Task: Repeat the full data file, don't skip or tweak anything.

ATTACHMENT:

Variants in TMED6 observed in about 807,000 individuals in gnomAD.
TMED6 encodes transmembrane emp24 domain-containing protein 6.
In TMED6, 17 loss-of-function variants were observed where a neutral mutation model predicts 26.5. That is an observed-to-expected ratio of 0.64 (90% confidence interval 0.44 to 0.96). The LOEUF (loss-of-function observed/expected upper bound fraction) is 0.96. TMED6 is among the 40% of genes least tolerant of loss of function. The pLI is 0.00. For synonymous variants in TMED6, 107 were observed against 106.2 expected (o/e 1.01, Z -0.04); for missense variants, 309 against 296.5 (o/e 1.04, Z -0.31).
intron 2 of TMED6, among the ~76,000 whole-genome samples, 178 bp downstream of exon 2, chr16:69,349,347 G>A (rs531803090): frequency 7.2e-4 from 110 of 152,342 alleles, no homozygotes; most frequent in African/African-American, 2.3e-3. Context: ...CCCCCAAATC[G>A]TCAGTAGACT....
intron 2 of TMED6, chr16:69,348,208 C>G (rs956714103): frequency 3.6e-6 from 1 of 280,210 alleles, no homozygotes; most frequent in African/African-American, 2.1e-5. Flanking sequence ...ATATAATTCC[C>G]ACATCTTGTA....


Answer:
Variants in TMED6 observed in about 807,000 individuals in gnomAD.
TMED6 encodes transmembrane emp24 domain-containing protein 6.
In TMED6, 17 loss-of-function variants were observed where a neutral mutation model predicts 26.5. That is an observed-to-expected ratio of 0.64 (90% confidence interval 0.44 to 0.96). The LOEUF (loss-of-function observed/expected upper bound fraction) is 0.96. TMED6 is among the 40% of genes least tolerant of loss of function. The pLI is 0.00. For synonymous variants in TMED6, 107 were observed against 106.2 expected (o/e 1.01, Z -0.04); for missense variants, 309 against 296.5 (o/e 1.04, Z -0.31).
intron 2 of TMED6, among the ~76,000 whole-genome samples, 178 bp downstream of exon 2, chr16:69,349,347 G>A (rs531803090): frequency 7.2e-4 from 110 of 152,342 alleles, no homozygotes; most frequent in African/African-American, 2.3e-3. Context: ...CCCCCAAATC[G>A]TCAGTAGACT....
intron 2 of TMED6, chr16:69,348,208 C>G (rs956714103): frequency 3.6e-6 from 1 of 280,210 alleles, no homozygotes; most frequent in African/African-American, 2.1e-5. Flanking sequence ...ATATAATTCC[C>G]ACATCTTGTA....